What’s that buzzing?
It’s your mama’s vibrator, what do you think it is?
But...but how? You killed all those wasps.
Correction, I killed some of those wasps.
The buzzing gets louder.
They sound like they’re right in the cubicle.
That’s impossible, I don’t see them.
Well maybe they’re invisible wasps, genius!
Jackson looks up at the ceiling tiles.
Do those come off?
He balances himself on a chair, flips on a flashlight attached to his glasses, and slowly raises one of the ceiling tiles. He looks left to right, until he sees a huge swarm of wasps coming down the airshaft toward him. He cries out and falls backward, shooting pesticide at the ceiling.
The three sprint for the supply closet as the wasps come at them. Jackson pulls something from his pocket and pulls at it with his teeth.
A bug bomb!
You can’t use that in here!
Tell that to them! Now run, white boy!
The three sprint as Jackson drops the bug bomb. They dive into the supply closet as the bug bomb explodes. A cloud of white poofs in, causing all of them to cough. When they stop, it’s dead quiet outside. They step back out.
The office is covered in white powder. Glass and debris cover the floor as well. There are dead wasps everywhere.
Oh my God!
My weekly reports, my spreadsheets...
My Asiago roast beef!
Well, it’s like I said...
Jackson, in a different pose and slightly different office, with no sunglasses and a beard.
We’ve got to do something about these motherfucking wasps in this motherfucking office!
The original Jackson in the original office.
Now if you’ll excuse me, my work here is AAAGGGH!
Jackson screams as a giant wasp, easily 30 feet long, grabs him. His canister falls off his back, and Brando grabs it as the giant wasp flies away. Mary and he climb to the top of a cubicle wall.
JACKSON (writing in agony)
It's the mother of all motherfucking wasps! AAGGHHH! First Deep Blue Sea, now this!
The wasp flies up and chomps Jackson in two.
Look out, he’s coming around again.
The wasp drops Jackson’s body and opens its maw to grab Brando. Mary grabs the canister and throws it in the wasp's mouth. The wasp takes it and flies away.
Grab those staplers.
Mary and Brando grab a stapler and swing them open. As the wasp circles back, they fire staples.
Come on and smile you sign of a...
One staple hits the canister and it erupts, spraying the wasp with pesticide. It flies up in the air, smashing through the roof, before plunging again to the ground.
BRANDO (jumping up and down)
We did it! We did it!
THE BOSS, an older white gentleman in a three piece suit who looks like Judge Smails, comes in and sees the damage. He points the Brando and Mary.
My word, what on earth happened here? I said to call an exterminator, not destroy the office! (sees Brando and Mary) You! You are going to be fired, and what’s more, you’re going to pay for this mess! Do you hear me, hmm, hmm?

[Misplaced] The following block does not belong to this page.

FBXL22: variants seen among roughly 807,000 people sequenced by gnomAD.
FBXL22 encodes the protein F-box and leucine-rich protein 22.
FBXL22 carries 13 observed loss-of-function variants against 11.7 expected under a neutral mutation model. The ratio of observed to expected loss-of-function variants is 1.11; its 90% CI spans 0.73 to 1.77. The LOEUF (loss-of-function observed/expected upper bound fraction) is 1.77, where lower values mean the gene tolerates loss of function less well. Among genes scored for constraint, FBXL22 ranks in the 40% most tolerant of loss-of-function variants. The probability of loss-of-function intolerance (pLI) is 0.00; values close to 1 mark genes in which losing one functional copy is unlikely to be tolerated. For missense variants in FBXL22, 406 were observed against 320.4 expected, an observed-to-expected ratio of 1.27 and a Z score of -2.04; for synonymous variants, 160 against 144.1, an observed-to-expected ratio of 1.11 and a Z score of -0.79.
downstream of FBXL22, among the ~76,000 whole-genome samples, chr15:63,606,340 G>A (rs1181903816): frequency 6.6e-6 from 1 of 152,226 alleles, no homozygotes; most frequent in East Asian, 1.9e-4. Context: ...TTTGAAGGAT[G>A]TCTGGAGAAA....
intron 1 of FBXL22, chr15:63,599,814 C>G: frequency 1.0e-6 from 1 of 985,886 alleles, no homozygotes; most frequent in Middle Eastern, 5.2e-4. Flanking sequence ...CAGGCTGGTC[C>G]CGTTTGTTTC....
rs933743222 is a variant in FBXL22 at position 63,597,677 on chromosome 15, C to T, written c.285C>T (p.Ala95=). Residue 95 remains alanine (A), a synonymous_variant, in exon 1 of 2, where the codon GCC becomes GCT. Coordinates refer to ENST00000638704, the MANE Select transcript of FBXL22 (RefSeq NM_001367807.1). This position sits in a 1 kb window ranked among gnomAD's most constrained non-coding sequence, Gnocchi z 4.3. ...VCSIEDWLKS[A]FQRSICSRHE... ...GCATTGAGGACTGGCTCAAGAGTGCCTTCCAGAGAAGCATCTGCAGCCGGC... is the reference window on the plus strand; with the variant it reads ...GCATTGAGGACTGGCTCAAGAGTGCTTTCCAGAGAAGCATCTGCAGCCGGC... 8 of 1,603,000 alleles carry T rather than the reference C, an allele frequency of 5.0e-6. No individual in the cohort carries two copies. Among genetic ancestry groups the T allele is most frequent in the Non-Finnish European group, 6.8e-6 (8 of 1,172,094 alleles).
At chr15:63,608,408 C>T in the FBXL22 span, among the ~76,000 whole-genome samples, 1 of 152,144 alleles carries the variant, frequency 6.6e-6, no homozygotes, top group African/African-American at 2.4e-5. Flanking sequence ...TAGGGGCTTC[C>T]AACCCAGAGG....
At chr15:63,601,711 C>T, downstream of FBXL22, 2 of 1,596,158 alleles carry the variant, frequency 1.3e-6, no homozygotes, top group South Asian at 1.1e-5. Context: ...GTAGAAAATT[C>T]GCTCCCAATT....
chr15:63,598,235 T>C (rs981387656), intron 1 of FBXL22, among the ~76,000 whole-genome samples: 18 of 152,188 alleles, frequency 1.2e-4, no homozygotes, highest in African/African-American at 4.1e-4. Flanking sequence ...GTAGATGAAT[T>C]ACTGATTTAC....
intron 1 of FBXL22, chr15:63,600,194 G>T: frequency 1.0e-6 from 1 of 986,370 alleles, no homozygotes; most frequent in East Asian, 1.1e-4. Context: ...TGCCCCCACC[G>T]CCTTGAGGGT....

Mary looks at Brando, then at The Boss, and raises her stapler.
Looks like we’ve got one more WASP to take care of.
“LOVE Machine” by WASP
FADE TO BLACK
Thursday, August 17, 2006
That changed when I actually arrived in this peaceful, friendly, fun town. Until I moved here in 2001, I had never gone more than four years without moving across state borders. Years as a Navy brat and my itinerant twenties kept me on the move. Goodbyes have always come with that territory, and one of the ways I’ve dealt with many great people coming in and out of my daily life was appreciating that I had known them all. I tell myself, If I hadn’t moved here, I wouldn’t have known them at all.
Still, I always hoped to find that place to settle down—especially since I was lucky enough to find someone to settle down with. If my future self arrived Back-to-the-Future style to tell my New York or Chicago self that Eastern Iowa would be that place, I would given Future Brando a drug test. But lo and behold, this little corner of the Big Ten is a place TLB and I have come to adore.
The people we’ve met have played the biggest role in that feeling. The Writer’s Workshop is (in)famous for being a place where egos are shredded and no quarter is given. We expected vicious critics and potential backstabbers. Instead, we found a community of cool folks, people like us who had left behind professions and more diverse metropolitan areas for the chance to improve their writing (or help their significant others improve their writing).
It’s hard to describe how much the experience invigorated us. I was happy in New York and Chicago. I left people who I still miss. Here, though, we turned back the clock. We went to parties, stayed up late talking with friends, drove out to corn mazes, went to readings, went to casinos, and—maybe best of all—just bumped into people we were always happy to see. It was like being an undergraduate again, only while having a clue.
The size of Iowa City works against people staying. Most people in the Workshop do depart after those two years. Most need to, frankly, because Iowa City is not for everyone. It’s small, it’s quiet, and it’s not always easy to get a job here. I was very sad when our dear friends Paula and Tom left, but we expected it. It gave us time to prepare for it, even if that didn’t make it any easier.
We were also lucky that, for a while, the rule of leaving took a back seat to the exception of staying. Many of our closest friends decided to stay put, at least for while. Some bought houses, and eventually we bought ours, forming a nucleus of dazzling urbanites who had settled in their new rustic environment. Even though my mind told me it couldn’t last, I hoped it would.
Sadly, my mind was right.
We’ve suffered a couple of losses these last weeks, people who have been with us since we first turned off I-80 and wondered if we were nuts for chucking everything to come to a town with four interstate exits.
First, El Gordo and Kerry took off for Massachusetts, where El Gordo landed a sweet job in academia. El Gordo, as I have written before, is Old School in the Will Ferrell sense, but with a brain: a man who can discuss subtext and point of view just before he drains a beer bong. Our defining moment was pogoing at the final Guided by Voices show in Iowa City, singing ourselves hoarse and damn near going deaf from being next to the stage monitors.